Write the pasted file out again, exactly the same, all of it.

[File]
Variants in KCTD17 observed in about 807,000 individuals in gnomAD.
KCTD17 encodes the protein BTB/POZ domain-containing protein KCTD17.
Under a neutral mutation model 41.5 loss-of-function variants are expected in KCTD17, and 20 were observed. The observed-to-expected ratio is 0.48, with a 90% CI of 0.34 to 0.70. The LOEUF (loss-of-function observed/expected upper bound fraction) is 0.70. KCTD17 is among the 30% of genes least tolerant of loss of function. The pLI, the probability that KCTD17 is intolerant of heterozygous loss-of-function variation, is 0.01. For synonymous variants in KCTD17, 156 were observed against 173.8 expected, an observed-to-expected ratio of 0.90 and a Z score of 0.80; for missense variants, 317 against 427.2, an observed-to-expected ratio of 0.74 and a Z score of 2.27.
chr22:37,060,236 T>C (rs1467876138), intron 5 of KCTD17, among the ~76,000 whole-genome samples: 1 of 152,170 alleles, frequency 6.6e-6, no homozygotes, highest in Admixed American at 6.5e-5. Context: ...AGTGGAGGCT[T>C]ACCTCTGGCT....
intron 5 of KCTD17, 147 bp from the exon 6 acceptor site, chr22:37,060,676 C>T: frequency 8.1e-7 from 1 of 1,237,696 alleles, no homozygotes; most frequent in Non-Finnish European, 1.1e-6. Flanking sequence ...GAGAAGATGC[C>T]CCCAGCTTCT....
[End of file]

Variants in KCTD17 observed in about 807,000 individuals in gnomAD.
KCTD17 encodes the protein BTB/POZ domain-containing protein KCTD17.
Under a neutral mutation model 41.5 loss-of-function variants are expected in KCTD17, and 20 were observed. The observed-to-expected ratio is 0.48, with a 90% CI of 0.34 to 0.70. The LOEUF (loss-of-function observed/expected upper bound fraction) is 0.70. KCTD17 is among the 30% of genes least tolerant of loss of function. The pLI, the probability that KCTD17 is intolerant of heterozygous loss-of-function variation, is 0.01. For synonymous variants in KCTD17, 156 were observed against 173.8 expected, an observed-to-expected ratio of 0.90 and a Z score of 0.80; for missense variants, 317 against 427.2, an observed-to-expected ratio of 0.74 and a Z score of 2.27.
chr22:37,060,236 T>C (rs1467876138), intron 5 of KCTD17, among the ~76,000 whole-genome samples: 1 of 152,170 alleles, frequency 6.6e-6, no homozygotes, highest in Admixed American at 6.5e-5. Context: ...AGTGGAGGCT[T>C]ACCTCTGGCT....
intron 5 of KCTD17, 147 bp from the exon 6 acceptor site, chr22:37,060,676 C>T: frequency 8.1e-7 from 1 of 1,237,696 alleles, no homozygotes; most frequent in Non-Finnish European, 1.1e-6. Flanking sequence ...GAGAAGATGC[C>T]CCCAGCTTCT....